1/2/2009Redflex Pays FCC $22,000 in Illegal Radar Use Settlement
Australian camera vendor pays US government $22,000 to settle federal complaint over use of uncertified radar equipment.
Redflex Traffic Systems last month agreed to pay US taxpayers $22,000 in order to settle a complaint against the Australian firm's illegal use of uncertified radar equipment. The Enforcement Bureau of the Federal Communications Commission (FCC) announced the move on December 23, a day traditionally used to bury controversial decisions while public attention is turned toward celebrating the Christmas holiday. The settlement was designed to punish Redflex while avoiding the staff time involved in pursuing a formal fine that the company would have immediately challenged in court.
"Redflex agrees that it will make a voluntary contribution to the United States Treasury in the amount of $22,000," the consent decree between the FCC and the Australian camera firm stated. "Redflex waives any and all rights it may have to seek administrative or judicial reconsideration, review, appeal or stay, or to otherwise challenge or contest the validity of this consent decree and the adoption order."
In August, rival camera vendor American Traffic Solutions noticed that Redflex had imported and was using German DRS-3 and British AGD-340 in violation of a federal law (47 USC Section 302a) requiring the devices to be certified by the FCC. The FCC standards are designed to ensure that devices that transmit radio signals do not interfere with television and radio reception or with critical public safety systems such as air traffic control (view ATS complaint). The Redflex response was, in effect, that it had made an honest mistake (view Redflex response). ATS continues to challenge the validity of the contract the Arizona Department of Public Safety entered into with Redflex while the company was legally unable to offer speed camera ticketing services.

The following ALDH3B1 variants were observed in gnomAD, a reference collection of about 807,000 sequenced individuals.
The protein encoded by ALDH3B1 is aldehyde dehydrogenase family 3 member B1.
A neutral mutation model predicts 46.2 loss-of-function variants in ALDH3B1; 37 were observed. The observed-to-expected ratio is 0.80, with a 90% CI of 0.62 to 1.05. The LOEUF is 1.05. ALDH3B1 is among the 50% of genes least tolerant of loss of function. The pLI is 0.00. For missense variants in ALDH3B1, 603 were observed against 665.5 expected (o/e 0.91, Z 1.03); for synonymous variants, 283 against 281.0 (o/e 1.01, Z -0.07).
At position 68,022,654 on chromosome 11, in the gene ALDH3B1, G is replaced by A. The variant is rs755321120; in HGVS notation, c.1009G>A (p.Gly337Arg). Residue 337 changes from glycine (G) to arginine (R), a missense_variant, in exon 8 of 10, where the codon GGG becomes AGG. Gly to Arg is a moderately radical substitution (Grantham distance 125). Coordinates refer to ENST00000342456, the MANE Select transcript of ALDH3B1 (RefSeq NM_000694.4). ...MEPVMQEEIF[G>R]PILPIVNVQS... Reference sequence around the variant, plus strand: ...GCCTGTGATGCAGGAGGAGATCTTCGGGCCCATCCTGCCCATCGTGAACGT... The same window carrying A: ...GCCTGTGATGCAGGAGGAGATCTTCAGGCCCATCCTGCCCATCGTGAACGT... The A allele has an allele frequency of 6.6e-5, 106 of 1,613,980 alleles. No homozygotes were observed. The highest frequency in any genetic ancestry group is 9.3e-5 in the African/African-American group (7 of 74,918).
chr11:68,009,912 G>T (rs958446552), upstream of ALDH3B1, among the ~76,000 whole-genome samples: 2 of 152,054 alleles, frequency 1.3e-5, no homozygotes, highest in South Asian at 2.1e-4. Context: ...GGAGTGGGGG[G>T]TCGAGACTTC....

The National Motorists Association expressed disappointment at the FCC's failure to pursue the matter fully.
"There was no question that Redflex was using radar speed measuring devices that had not been certified by the FCC. There was also no question that Redflex was clearly in violation of FCC regulations," NMA President Jim Baxter wrote. "If the FCC would have carried out its legitimate responsibilities, charged Redflex with violating federal regulations, regarding certification of radar speed measuring devices, and penalized Redflex accordingly, Redflex would have been competitively disadvantaged in seeking future state and local contracts."
In addition to the $22,000 payment, Redflex must train every employee who uses radar on how to comply with US law and the FCC rules governing radio equipment. Within ninety days, Redflex must provide the FCC with a report on its compliance efforts and follow up with additional reports in twelve and twenty-four months.
View the consent decree in a 100k PDF file at the source link below.